You might have thought that after writing seven books, eight films, two ‘pamphs’, a play, an encyclopaedia, one short story and a whole website about Harry Potter, J.K. Rowling might be a little sick of bespectacled boys and wondrous wizzardy tales.
Apparently not. Her latest Potter jottings have now formed the basis for Fantastic Beasts And Where To Find Them, a newly-released movie set to sooth Hogwarts hankerings the world over as of this very month. More impressively still, Rowling has promised not just one sequel to her new fantasy franchise but four. This means we are likely to be treated to new instalments well into the 2030s, whether we like it or not.
According to the author, this wasn’t the original plan when she first sat down with Warner Brothers, the movie-making megalith that has hung much of its profit expectations on all things Harry since the turn of the millennium.
Reflecting on just how this latest piece of the Potter pantheon came to be, she says: “We always knew that it was going to be more than one movie, so we set it as a trilogy as a sort of placeholder. Now I’ve done the plotting properly, we’re pretty sure it’s going to be at least five movies.”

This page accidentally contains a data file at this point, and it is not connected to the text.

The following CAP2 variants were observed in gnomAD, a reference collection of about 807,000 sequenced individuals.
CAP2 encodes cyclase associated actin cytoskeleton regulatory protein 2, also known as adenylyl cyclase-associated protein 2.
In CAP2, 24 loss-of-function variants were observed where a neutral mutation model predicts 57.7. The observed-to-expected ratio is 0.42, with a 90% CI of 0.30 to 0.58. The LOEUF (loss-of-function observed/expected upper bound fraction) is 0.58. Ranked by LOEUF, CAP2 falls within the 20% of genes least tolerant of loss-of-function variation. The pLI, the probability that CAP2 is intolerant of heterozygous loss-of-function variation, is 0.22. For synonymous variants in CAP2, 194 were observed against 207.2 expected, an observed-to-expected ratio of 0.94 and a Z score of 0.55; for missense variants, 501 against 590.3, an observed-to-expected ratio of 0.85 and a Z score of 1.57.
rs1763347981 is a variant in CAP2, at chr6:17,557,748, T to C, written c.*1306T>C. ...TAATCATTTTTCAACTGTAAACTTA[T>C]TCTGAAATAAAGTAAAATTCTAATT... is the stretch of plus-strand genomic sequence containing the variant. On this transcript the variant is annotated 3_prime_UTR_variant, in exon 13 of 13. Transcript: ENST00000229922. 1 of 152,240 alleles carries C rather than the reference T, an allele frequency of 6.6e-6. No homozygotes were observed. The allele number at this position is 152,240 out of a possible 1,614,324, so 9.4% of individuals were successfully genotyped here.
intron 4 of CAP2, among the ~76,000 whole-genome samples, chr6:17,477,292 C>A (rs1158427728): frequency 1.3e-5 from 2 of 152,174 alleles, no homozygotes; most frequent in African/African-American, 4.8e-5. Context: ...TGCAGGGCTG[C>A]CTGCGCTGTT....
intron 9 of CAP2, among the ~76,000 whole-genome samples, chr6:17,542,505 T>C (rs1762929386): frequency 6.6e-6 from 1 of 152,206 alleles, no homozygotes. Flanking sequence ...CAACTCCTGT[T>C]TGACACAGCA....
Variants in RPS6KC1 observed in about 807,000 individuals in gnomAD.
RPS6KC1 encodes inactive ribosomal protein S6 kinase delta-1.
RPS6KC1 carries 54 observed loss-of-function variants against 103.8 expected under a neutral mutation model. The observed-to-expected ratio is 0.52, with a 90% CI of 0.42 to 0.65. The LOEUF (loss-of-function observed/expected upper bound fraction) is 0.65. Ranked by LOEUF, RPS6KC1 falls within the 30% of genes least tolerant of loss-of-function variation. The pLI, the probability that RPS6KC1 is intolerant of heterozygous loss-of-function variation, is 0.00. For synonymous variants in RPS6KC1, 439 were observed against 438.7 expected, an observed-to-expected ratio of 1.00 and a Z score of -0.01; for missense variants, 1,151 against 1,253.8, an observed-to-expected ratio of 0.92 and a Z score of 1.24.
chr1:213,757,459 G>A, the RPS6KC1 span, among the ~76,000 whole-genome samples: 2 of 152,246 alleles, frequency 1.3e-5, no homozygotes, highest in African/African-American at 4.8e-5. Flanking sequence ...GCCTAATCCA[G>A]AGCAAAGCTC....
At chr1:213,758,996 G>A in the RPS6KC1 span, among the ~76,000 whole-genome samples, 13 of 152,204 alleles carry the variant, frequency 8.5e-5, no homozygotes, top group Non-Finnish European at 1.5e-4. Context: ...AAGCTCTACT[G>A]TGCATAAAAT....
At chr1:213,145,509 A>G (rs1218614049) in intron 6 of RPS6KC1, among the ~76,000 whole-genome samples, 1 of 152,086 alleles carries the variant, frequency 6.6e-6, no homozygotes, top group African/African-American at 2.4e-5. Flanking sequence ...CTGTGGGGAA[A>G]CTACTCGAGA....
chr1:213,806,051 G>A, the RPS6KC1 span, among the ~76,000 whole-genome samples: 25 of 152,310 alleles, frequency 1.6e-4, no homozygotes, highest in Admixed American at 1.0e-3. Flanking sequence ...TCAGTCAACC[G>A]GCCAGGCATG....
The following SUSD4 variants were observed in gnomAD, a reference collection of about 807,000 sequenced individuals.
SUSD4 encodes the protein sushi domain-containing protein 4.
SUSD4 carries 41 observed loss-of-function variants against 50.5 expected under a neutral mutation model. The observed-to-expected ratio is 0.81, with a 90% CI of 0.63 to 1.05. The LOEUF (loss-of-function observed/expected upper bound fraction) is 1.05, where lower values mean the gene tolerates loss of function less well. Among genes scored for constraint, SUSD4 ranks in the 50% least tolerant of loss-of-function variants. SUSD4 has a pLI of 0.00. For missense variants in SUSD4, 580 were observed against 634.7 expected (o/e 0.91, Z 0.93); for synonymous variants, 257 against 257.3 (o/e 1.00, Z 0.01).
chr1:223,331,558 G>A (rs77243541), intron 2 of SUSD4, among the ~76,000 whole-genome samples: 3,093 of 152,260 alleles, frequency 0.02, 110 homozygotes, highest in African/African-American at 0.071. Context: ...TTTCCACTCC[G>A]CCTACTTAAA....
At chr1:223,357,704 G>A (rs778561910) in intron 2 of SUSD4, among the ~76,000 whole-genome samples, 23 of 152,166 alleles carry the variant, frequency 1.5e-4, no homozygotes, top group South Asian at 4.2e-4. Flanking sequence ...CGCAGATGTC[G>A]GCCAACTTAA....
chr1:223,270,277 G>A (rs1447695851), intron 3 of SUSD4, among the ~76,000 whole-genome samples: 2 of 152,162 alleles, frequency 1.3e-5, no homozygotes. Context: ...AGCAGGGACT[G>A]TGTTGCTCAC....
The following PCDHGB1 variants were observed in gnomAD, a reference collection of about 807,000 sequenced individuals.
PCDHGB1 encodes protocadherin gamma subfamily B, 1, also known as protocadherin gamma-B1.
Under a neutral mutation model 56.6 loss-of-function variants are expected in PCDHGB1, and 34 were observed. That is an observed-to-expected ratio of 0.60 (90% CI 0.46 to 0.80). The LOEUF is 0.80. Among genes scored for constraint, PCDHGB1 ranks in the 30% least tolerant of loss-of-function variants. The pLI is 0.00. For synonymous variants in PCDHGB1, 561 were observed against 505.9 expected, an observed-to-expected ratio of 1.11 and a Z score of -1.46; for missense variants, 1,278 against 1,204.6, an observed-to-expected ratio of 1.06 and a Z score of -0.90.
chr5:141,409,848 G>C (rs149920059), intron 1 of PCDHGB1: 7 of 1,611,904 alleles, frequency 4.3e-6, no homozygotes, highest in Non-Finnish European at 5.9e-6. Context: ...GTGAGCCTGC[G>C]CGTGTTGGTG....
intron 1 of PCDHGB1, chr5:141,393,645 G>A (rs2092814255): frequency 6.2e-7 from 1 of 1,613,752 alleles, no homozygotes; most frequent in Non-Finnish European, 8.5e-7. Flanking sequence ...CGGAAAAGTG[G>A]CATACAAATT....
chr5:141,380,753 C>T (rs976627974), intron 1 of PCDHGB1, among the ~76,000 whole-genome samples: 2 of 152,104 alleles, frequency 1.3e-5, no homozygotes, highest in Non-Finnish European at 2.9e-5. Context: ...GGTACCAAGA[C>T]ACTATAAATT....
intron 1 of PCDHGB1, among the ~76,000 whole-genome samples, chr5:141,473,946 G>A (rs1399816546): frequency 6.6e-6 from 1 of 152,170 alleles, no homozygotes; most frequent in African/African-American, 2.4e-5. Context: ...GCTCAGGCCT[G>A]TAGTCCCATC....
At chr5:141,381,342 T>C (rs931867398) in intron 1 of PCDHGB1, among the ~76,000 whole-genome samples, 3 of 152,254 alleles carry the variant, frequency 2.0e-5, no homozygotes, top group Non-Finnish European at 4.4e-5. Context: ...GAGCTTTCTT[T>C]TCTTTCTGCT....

Adding an intriguing hint as to where the series is heading, she says: “I think, when you realise what story we’re really telling, you’ll understand that it can’t possibly all fit in one movie! There’s a natural arc that takes it to five…”
Loosely based on Rowling’s book of the same name, Fantastic Beasts was conceived as a magical creatures textbook, one that was required reading at Hogwarts, Harry’s alma mater. Taking a slightly different tack, the film follows the 1920’s adventures of one Newt Scamander, the textbook’s supposed author.